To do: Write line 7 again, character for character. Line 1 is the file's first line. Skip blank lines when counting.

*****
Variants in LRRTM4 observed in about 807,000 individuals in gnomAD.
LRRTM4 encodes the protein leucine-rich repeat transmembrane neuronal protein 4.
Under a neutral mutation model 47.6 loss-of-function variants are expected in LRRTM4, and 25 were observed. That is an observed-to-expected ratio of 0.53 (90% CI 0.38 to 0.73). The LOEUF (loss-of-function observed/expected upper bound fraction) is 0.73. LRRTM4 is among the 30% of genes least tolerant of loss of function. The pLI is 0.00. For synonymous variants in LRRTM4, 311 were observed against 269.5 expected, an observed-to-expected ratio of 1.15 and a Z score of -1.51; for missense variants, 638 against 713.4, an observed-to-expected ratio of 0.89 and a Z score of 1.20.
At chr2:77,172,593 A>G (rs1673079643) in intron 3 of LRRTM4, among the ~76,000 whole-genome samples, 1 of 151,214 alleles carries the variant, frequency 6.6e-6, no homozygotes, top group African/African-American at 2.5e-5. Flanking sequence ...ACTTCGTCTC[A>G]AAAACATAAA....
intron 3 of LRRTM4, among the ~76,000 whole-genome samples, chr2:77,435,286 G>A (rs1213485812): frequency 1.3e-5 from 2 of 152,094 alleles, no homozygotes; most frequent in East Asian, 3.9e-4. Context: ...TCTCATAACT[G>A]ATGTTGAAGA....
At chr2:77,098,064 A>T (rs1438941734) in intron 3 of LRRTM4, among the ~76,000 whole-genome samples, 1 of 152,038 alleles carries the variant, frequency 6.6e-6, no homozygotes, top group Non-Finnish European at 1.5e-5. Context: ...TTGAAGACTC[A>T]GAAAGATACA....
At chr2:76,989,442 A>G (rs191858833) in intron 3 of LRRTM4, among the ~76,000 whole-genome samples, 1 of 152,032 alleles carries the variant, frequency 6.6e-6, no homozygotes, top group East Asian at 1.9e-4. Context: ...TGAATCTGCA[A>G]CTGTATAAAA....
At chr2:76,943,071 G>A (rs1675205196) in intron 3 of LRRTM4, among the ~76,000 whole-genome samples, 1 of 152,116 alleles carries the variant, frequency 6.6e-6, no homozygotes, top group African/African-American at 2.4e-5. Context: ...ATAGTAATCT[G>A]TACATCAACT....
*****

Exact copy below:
At chr2:76,989,442 A>G (rs191858833) in intron 3 of LRRTM4, among the ~76,000 whole-genome samples, 1 of 152,032 alleles carries the variant, frequency 6.6e-6, no homozygotes, top group East Asian at 1.9e-4. Context: ...TGAATCTGCA[A>G]CTGTATAAAA....